The experts say that in developing good characters you can often make use of character “tags” – those particular habits, mannerisms, and gestures inherent to a personality. You can’t overdue it, but sometimes your readers will know who’s involved in a scene by a character tag, like:
Tapping a pen on a table
Pulling at one’s ear
Clearing your throat (my wife claims that when I talking on the phone to an attractive woman, I clear my throat a lot. She’s wrong.)
A shuffle walk
The sound of a cane
Chewing gum like it was a cow’s cud
A harsh, annoying laugh
An unusual odor, e.g. coco butter
Constant eye blinking.

I’d really like contributions to this list. Tags are helpful.


2 responses to “Tags

  1. How about … a penetrating gaze, the firm set of his jaw, a familiar twinkle in his eyes, the nervous clicking of her teeth, the stench of the barn, the perfection of his suit?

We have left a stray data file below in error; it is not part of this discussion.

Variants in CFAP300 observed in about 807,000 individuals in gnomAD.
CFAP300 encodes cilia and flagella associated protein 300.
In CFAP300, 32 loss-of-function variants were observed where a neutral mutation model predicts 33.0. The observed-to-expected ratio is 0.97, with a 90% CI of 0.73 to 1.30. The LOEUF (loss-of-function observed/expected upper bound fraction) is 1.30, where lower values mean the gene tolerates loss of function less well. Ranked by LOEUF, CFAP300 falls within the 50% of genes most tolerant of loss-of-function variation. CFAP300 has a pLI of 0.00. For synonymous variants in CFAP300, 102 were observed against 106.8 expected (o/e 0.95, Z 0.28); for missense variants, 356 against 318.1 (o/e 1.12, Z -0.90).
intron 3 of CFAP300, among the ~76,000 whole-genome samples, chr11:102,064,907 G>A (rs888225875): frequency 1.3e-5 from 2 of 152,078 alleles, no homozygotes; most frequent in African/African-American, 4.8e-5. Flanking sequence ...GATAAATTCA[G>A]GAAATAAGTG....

Am I on the right track here?

    • You sure are. These are things that we readers would know the person is on scene without the author telling us. Like “She heard those irritating clicking of teeth in the next room.” Damn, she thought, will that woman every leave me alone?”

      The reader would know who the woman was without the author telling her. Earlier it would have been established that XXX always clicked her teeth.

      Maybe the last two in your list, don’t work as well.

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